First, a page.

Lighting 201

Lesson 23 of 64

8 Steps to Perfecting Each Scene & Image When Using OCF

 

Lighting 201

Lesson 23 of 64

8 Steps to Perfecting Each Scene & Image When Using OCF

 

Lesson Info

8 Steps to Perfecting Each Scene & Image When Using OCF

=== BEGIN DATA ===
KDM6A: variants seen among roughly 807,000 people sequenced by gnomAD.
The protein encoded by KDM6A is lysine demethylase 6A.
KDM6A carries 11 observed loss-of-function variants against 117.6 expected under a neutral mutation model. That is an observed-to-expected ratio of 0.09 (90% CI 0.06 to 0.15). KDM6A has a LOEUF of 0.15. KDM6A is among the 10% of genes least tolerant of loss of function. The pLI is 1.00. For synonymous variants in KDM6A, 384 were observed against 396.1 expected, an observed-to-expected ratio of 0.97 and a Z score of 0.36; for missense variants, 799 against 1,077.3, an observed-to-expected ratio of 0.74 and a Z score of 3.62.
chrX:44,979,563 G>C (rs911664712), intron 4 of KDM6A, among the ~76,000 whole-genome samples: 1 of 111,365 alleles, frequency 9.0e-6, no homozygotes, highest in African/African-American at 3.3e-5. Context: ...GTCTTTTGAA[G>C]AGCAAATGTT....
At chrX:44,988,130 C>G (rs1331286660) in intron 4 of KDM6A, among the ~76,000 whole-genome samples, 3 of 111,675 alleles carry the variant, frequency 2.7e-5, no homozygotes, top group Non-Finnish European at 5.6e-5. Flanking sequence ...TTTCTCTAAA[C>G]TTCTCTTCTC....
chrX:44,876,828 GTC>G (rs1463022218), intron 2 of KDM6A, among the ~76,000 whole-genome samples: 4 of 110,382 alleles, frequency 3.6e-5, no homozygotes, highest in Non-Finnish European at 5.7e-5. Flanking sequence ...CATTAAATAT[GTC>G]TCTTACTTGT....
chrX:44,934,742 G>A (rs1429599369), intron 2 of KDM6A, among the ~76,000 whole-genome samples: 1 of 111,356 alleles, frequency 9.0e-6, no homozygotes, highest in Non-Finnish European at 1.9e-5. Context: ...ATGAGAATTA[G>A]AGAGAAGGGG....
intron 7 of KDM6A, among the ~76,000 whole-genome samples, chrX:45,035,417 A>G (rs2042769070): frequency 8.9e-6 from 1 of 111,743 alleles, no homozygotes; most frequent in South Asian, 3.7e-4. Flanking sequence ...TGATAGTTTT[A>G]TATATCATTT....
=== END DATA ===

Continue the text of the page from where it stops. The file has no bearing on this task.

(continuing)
A steps to perfecting each scene an image when you're using a camera flash by the way do not say ten times fast because then it becomes something that's not so good okay, so what is this this video we're talking about basically our approach whenever we approach is seen in deciding whether we want to add light how we want to add light how we want to get to that final image so it's starting from the very beginning all the way into working into that refined image we've essentially narrowed it down into eight primary steps okay? And this is something to think through with every one of your shoots until it becomes second nature all right? So let's start from the top with number one, which is composition and attributes now what we're saying here essentially is that when you approach any scene, the first thing that I want you to do is dial in the camera settings that relate to your composition or the composition that you desire. So for example, if I approach a scene and I want to shoot this b...